He ignored her, examining the titles at eye level.

Urd save her. Bryce dumped the takeout containers into the overflowing trash can. “We have some fascinating art upstairs. Perhaps you can tell me what you’re looking for.” She glanced at Lehabah, who had turned a startling shade of cyan, and shook her head in a silent warning to be careful.

Micah folded his wings, and turned to her. “What I’m looking for?” “Yes,” she breathed. “I—”

He pinned her with those icy eyes. “I’m looking for you.”

Today’s meeting was by far the worst. The slowest.

Sandriel delighted in leading them in circles, lies and half-truths spewing from her lips, as if savoring the kill soon to come: the moment they yielded everything to her and the Asteri’s wishes.

Hunt leaned against the wall, standing between the Asterian Guards in their full regalia, and watched the clock inch toward four. Ruhn looked like he’d fallen asleep half an hour ago. Most of the lower-level parties had been dismissed, leaving the room barely occupied. Even Naomi had been sent back to Lunathion to make sure the 33rd remained in shape. Only skeleton staff and their leaders remained. As if everyone now knew this was over. That this republic was a sham. Either one ruled or one bowed.

“Opening a new port along the eastern coastline of Valbara,” Sandriel said for the hundredth time, “would allow us to build a secure facility for our aquatic legion—”

A phone buzzed.

Jesiba Roga, to his surprise, pulled it from an inner pocket of the gray blazer she wore over a matching dress. She shifted in her seat, angling the phone away from the curious male to her left.

A few of the other leaders had noticed Roga’s change in attention. Sandriel kept talking, unaware, but Ruhn had stirred at the sound and was looking at the woman. So was Fury, seated two rows behind her.

Jesiba’s thumbs flew over her phone, her red-painted mouth tightening as she lifted a hand. Even Sandriel shut up.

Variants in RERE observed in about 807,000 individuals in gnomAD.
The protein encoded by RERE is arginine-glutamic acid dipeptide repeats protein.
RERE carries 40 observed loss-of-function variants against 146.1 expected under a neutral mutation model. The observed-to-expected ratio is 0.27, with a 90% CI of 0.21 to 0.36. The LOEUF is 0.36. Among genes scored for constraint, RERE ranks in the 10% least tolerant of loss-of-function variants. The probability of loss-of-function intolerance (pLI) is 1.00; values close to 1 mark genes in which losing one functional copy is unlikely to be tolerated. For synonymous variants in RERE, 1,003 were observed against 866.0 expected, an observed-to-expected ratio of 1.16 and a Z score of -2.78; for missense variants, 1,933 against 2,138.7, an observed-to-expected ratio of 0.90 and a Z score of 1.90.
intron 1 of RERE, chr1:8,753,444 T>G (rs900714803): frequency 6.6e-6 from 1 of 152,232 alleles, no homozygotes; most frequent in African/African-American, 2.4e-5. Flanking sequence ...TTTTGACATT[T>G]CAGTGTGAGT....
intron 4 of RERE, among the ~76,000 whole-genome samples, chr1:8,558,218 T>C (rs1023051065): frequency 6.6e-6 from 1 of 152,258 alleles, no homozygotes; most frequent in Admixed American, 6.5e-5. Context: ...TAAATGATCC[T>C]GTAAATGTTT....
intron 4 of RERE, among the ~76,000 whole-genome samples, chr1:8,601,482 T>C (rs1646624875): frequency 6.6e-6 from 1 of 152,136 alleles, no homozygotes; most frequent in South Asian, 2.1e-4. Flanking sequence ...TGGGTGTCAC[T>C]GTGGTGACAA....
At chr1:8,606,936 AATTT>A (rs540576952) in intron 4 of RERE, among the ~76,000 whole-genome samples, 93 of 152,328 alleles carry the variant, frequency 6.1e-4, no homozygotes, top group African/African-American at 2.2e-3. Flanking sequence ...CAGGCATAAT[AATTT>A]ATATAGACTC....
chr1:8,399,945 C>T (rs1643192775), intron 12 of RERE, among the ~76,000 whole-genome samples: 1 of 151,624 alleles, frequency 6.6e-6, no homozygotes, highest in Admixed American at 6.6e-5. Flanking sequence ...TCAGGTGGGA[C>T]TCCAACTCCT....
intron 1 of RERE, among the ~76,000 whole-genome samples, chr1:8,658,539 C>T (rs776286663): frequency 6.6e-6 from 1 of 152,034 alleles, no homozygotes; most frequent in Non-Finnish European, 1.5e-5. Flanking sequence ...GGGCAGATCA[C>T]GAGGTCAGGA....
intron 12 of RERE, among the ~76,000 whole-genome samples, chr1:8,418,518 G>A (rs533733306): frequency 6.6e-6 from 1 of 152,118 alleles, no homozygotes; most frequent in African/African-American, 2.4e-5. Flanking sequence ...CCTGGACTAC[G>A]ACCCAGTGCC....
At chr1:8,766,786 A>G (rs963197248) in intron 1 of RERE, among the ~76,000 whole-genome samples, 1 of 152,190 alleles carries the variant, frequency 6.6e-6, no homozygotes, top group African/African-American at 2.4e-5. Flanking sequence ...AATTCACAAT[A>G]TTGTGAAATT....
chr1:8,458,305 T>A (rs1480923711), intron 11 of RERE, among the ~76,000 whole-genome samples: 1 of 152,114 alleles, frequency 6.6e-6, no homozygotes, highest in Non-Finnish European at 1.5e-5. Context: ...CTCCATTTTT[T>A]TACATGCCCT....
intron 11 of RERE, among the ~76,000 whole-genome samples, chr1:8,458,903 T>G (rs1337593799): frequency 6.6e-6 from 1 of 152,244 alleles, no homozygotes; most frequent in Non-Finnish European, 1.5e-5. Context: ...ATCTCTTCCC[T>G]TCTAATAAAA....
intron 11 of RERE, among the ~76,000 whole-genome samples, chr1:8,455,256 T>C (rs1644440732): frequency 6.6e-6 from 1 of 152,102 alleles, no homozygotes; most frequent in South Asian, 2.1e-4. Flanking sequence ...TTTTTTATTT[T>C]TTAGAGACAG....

Roga said, “I’m sorry to interrupt, Governor, but there’s something that you—that all of us—need to see.”

He had no rational reason for the dread that began to curl in his stomach. Whatever was on her phone could have been about anything. Yet his mouth dried up.

“What?” Sabine demanded from across the room.

Jesiba ignored her, and glanced to Declan Emmet. “Can you link what’s on my phone to these screens?” She indicated the array of them throughout the room.

Declan, who had been half-asleep in the circle behind Ruhn, instantly straightened. “Yeah, no problem.” He was smart enough to look to Sandriel first—and the Archangel rolled her eyes but nodded. Declan’s laptop was open a heartbeat later. He frowned at what popped up on the laptop, but then he hit a button.

And revealed dozens of different video feeds—all from Griffin Antiquities. In the lower right corner, in a familiar library … Hunt forgot to breathe entirely.

Especially as Jesiba’s phone buzzed again, and a message—a continuation of a previous conversation, it seemed—popped up on the screens. His heart stalled at the name: Bryce Quinlan.

His heart wholly stopped at the message. Are the feeds on yet?

“What the fuck?” Ruhn hissed.

Bryce was standing in front of the camera, pouring what seemed to be a glass of wine. And behind her, seated at the main table of the library, was Micah.

Sandriel murmured, “He said he had a meeting …”

The camera was hidden inside one of the books, just above Bryce’s head.

Declan hit a few keys on his computer, pulling up that particular feed. Another keystroke and its audio filled the conference room.

Bryce was saying over her shoulder, throwing Micah a casual smile, “Would you like some food with your wine? Cheese?”

Micah lounged at the table, surveying a spread of books. “That would be appreciated.”